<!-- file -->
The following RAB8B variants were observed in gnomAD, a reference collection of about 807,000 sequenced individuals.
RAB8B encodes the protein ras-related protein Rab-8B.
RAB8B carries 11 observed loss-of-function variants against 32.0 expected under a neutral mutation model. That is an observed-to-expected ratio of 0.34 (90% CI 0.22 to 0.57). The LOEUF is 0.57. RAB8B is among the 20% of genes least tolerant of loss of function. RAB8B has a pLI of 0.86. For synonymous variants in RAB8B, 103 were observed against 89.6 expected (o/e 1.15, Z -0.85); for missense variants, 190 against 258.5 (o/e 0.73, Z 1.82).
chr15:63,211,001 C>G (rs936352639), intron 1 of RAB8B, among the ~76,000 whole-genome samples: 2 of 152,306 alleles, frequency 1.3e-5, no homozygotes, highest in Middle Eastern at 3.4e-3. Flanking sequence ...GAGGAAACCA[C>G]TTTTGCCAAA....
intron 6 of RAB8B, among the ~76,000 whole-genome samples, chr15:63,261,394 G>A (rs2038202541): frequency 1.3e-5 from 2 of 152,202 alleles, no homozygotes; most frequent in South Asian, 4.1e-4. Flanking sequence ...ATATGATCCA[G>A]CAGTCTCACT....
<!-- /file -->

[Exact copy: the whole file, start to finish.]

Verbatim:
The following RAB8B variants were observed in gnomAD, a reference collection of about 807,000 sequenced individuals.
RAB8B encodes the protein ras-related protein Rab-8B.
RAB8B carries 11 observed loss-of-function variants against 32.0 expected under a neutral mutation model. That is an observed-to-expected ratio of 0.34 (90% CI 0.22 to 0.57). The LOEUF is 0.57. RAB8B is among the 20% of genes least tolerant of loss of function. RAB8B has a pLI of 0.86. For synonymous variants in RAB8B, 103 were observed against 89.6 expected (o/e 1.15, Z -0.85); for missense variants, 190 against 258.5 (o/e 0.73, Z 1.82).
chr15:63,211,001 C>G (rs936352639), intron 1 of RAB8B, among the ~76,000 whole-genome samples: 2 of 152,306 alleles, frequency 1.3e-5, no homozygotes, highest in Middle Eastern at 3.4e-3. Flanking sequence ...GAGGAAACCA[C>G]TTTTGCCAAA....
intron 6 of RAB8B, among the ~76,000 whole-genome samples, chr15:63,261,394 G>A (rs2038202541): frequency 1.3e-5 from 2 of 152,202 alleles, no homozygotes; most frequent in South Asian, 4.1e-4. Flanking sequence ...ATATGATCCA[G>A]CAGTCTCACT....